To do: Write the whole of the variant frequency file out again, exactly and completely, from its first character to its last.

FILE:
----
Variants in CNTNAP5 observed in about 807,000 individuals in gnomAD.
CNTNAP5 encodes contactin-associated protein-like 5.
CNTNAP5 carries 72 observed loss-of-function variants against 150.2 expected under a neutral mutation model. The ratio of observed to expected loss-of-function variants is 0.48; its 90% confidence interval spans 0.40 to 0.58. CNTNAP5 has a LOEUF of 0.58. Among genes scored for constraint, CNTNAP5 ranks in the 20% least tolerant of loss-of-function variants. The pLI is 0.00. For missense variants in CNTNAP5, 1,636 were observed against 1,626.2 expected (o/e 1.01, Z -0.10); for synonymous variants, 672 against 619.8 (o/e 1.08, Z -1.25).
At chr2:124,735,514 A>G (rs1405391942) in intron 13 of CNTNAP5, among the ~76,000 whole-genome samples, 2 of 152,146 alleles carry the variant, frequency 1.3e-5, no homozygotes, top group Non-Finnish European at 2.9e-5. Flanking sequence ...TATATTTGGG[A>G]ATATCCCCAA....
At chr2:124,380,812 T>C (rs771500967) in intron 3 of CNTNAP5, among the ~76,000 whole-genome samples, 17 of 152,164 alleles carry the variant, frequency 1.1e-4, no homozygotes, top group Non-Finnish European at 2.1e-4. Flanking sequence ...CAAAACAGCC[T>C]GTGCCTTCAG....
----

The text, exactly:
Variants in CNTNAP5 observed in about 807,000 individuals in gnomAD.
CNTNAP5 encodes contactin-associated protein-like 5.
CNTNAP5 carries 72 observed loss-of-function variants against 150.2 expected under a neutral mutation model. The ratio of observed to expected loss-of-function variants is 0.48; its 90% confidence interval spans 0.40 to 0.58. CNTNAP5 has a LOEUF of 0.58. Among genes scored for constraint, CNTNAP5 ranks in the 20% least tolerant of loss-of-function variants. The pLI is 0.00. For missense variants in CNTNAP5, 1,636 were observed against 1,626.2 expected (o/e 1.01, Z -0.10); for synonymous variants, 672 against 619.8 (o/e 1.08, Z -1.25).
At chr2:124,735,514 A>G (rs1405391942) in intron 13 of CNTNAP5, among the ~76,000 whole-genome samples, 2 of 152,146 alleles carry the variant, frequency 1.3e-5, no homozygotes, top group Non-Finnish European at 2.9e-5. Flanking sequence ...TATATTTGGG[A>G]ATATCCCCAA....
At chr2:124,380,812 T>C (rs771500967) in intron 3 of CNTNAP5, among the ~76,000 whole-genome samples, 17 of 152,164 alleles carry the variant, frequency 1.1e-4, no homozygotes, top group Non-Finnish European at 2.1e-4. Flanking sequence ...CAAAACAGCC[T>C]GTGCCTTCAG....